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Eating and air pockets in the gastric tube?

Josie60's picture
Josie60
Posts: 81
Joined: Jul 2012

I'm still trying to figure out my new normal. I'm 8 weeks out from my surgery and 2 weeks of eating soft foods moving into expanding what I am eating. I've started eating a sandwich on toasted bread for lunch.

I've noticed the last couple days when i was eating that sandwich I start feeling pressure in the upper chest like the lungs are congested, then I start coughing. Eventually
I get kind of a burp or an upwelling of air from the lower end of my "stomach" ( or do I know refer to it as a gastric tube?). Then the pressure seems to go away.. Is that pressure normal and will it diminish over time?

I'm also trying to figure out how soon I will be able to start eating other items like fresh veggies, lettuce peanut butter. I plan on asking the surgeon Monday but I was just curious.

The transition to solid food took a little longer because the remainder of the stomach was in tough shape after chemo and radiation treatments and I developed a fistula in the neck, but I'm getting there.

paul61's picture
paul61
Posts: 1122
Joined: Apr 2010

I had an Ivor Lewis esophagectomy in 2009. I have found that a number of things can give me gas and I have symptoms similar to those you describe. I have not had the issue with coughing although I did have a nagging cough for about 3 months after my surgery but it was always there not just when I was eating.

I do have instances where I had an immediate "full" feeling and a feeling of some pressure in my chest just below my sternum. After I could burp I would invariably feel better and could continue to eat. I think it is because my stomophagus; (my term for my stomach rolled into a tube and used to replace my esophagus), does not have the ability to stretch that a normal stomach would have.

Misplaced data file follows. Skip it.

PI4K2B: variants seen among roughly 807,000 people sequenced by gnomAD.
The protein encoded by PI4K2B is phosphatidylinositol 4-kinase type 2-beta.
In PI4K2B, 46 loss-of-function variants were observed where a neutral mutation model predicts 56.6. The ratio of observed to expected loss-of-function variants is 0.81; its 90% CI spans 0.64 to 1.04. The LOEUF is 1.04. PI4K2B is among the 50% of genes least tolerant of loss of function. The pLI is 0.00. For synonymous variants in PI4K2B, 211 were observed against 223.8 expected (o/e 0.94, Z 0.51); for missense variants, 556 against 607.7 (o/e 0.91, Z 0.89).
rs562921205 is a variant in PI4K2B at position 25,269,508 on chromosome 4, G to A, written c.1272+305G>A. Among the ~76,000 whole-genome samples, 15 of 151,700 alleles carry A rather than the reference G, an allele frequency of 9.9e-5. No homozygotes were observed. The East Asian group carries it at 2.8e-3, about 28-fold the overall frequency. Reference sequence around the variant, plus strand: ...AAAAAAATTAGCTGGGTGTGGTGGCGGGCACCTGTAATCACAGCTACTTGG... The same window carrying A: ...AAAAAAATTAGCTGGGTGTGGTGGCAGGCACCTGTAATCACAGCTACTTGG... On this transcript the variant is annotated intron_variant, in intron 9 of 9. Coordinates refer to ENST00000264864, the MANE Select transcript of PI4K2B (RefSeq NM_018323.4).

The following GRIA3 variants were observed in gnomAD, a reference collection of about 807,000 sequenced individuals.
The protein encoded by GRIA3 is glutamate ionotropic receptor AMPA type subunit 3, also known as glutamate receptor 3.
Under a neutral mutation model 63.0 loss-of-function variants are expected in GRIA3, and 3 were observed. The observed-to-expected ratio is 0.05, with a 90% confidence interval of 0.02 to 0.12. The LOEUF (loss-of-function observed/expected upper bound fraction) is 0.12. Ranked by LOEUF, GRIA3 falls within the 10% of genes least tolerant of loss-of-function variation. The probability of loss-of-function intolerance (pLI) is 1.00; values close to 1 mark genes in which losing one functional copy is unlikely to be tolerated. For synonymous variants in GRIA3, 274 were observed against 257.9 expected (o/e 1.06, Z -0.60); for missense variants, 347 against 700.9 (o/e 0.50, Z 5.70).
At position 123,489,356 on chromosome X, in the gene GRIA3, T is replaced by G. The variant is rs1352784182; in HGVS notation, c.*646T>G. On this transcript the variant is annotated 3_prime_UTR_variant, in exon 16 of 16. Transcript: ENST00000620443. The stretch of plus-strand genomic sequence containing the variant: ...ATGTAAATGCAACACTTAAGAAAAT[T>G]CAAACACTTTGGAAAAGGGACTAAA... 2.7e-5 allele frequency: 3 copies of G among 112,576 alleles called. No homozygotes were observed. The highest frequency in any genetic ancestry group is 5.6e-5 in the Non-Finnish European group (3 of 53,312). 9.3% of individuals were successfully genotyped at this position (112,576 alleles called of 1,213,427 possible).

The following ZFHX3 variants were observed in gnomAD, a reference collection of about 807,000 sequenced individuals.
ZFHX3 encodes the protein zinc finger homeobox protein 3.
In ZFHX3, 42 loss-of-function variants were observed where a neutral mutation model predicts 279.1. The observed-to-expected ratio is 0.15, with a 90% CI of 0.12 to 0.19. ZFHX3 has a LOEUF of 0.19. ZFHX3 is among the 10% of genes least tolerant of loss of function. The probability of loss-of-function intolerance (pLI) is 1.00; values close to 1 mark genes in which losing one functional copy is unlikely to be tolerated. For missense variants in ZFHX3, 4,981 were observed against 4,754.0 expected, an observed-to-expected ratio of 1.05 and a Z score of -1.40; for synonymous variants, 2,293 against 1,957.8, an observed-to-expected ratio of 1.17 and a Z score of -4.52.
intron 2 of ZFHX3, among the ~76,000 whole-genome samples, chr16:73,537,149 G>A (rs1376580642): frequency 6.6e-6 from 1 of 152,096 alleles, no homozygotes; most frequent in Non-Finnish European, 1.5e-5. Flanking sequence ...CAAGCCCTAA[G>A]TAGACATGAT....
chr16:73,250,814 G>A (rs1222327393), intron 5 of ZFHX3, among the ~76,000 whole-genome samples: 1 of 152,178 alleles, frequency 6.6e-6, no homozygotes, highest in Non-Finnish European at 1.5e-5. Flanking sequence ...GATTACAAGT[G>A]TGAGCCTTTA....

I am not sure if things get better as time goes by after surgery, however, I think as we learn new eating habits the symptoms improve because we learn to avoid things that cause the issue.

Things that I do that cause the symptoms you describe include:

1. Eating too fast - I find it helps if I set my fork down between byes to slow myself down.
2. Talking while eating - I find if I am talking while eating I tend to eat too fast and don't chew my food completely.
3. Not chewing my food thoroughly - I find I must be careful to insure that I chew my food much more completely than I used to (chewing food thoroughly also helps avoid abdominal discomfort after I eat)
4. Drinking carbonated beverages - I love Diet Coke but I have learned that my stomophagus does not like fizzy things.

I have learned that when I start to get that full feeling and pressure under my sternum I need to put my fork down and wait until I can burp. Not very delicate I know; but unfortunately, necessarily with our new plumbing.

Of course, given the fact that you had some issues post surgery, including a fistula I would definitely investigate this with your surgeon, but we do need to learn a new eating process post surgery.

Hope you will be feeling better soon and back to normal foods quickly.

Best Regards,

Paul Adams
Grand Blanc, Michigan

DX 10/22/2009 T2N1M0 Stage IIB
12/03/2009 Ivor Lewis
2/8 through 6/14/2010 Adjuvant Chemo Cisplatin, Epirubicin, 5 FU
Two year survivor

Life may not be the party we hoped for, but while we are here we might as well dance!

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